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from an Ecology Letters paper.

Regime shift is a scientific jargon to describe phenomena where direction of the change abruptly change (surprise!), shifting from one state to another, after passing tipping point. For example, an elastic rubber ring can be stretched longer and longer, but once the stretching passing its limit, it will snap suddenly. The rubber ring change from one state (a complete ring) to another state (broken ring), and cannot recover anymore.

Now the question is, is this finding applicable to other complex dynamic structures, like economy, climate, sustainability?

The terms like “once-in-100 years drought”, “a 50-year flood” and “once-in-30 years wildfire” to describe how likely an event occurs are based on statistics, on the premise that the world works as if it is static (note the similarity of the words “static” and “statistics”).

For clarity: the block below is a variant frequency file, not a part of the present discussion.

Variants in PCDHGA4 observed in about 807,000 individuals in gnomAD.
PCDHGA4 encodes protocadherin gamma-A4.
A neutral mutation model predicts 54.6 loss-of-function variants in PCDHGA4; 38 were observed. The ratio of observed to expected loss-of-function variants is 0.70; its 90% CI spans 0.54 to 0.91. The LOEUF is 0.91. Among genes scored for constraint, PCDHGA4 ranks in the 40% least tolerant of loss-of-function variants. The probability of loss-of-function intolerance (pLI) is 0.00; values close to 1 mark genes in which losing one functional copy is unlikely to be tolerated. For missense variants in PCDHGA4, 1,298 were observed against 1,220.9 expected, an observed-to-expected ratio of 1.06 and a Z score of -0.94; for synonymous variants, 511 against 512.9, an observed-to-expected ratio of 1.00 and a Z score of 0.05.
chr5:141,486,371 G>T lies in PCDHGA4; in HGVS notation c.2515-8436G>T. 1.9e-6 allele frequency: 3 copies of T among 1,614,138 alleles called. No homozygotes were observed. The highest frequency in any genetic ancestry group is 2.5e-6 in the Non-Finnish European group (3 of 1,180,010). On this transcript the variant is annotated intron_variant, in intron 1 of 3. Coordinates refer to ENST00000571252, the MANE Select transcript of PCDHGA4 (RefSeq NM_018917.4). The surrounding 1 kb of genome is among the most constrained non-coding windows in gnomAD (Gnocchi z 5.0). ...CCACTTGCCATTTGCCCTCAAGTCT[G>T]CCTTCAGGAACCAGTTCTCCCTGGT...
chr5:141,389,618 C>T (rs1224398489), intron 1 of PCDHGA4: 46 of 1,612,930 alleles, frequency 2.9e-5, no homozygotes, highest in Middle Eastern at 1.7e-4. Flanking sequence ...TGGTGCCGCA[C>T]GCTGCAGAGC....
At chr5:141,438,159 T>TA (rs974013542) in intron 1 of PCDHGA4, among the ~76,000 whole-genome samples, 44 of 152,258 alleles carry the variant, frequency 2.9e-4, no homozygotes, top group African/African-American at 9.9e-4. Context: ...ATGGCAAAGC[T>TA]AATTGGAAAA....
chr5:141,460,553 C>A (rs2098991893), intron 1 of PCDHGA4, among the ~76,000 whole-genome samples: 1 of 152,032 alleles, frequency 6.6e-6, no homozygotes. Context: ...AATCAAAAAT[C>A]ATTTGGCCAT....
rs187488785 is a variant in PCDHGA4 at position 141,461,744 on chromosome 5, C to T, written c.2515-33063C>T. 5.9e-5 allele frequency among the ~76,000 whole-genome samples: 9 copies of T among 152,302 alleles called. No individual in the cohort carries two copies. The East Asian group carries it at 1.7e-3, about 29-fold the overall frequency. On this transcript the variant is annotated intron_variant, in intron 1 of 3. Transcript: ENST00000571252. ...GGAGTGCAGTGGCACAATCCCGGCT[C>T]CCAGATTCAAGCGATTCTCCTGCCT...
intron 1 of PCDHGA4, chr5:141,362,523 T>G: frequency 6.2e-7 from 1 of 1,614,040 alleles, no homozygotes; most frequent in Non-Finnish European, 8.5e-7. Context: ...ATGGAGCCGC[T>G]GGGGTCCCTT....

But the world is not like that. It is changing (dynamic). So the yesterday “once-in-100 years storm” may become more frequent to “once-in-30 years storm” today due to climate change.

For example, given a distribution of river discharges for the years 1950 to 2000, can this distribution be used to predict how often a certain river discharge will be exceeded in the years 2000 to 2050? The answer is yes, provided that the environmental conditions do not change. If the environmental conditions do change, such as alterations in the infrastructure of the river’s watershed or in the rainfall pattern due to climatic changes, the prediction on the basis of the historical record is subject to a systematic error.


from Wikipedia.


Other good explanations are Teaching recurrence intervals and Two streams, two stories… How Humans Alter Floods and Streams.

This post is my comment to this news (in Chinese).

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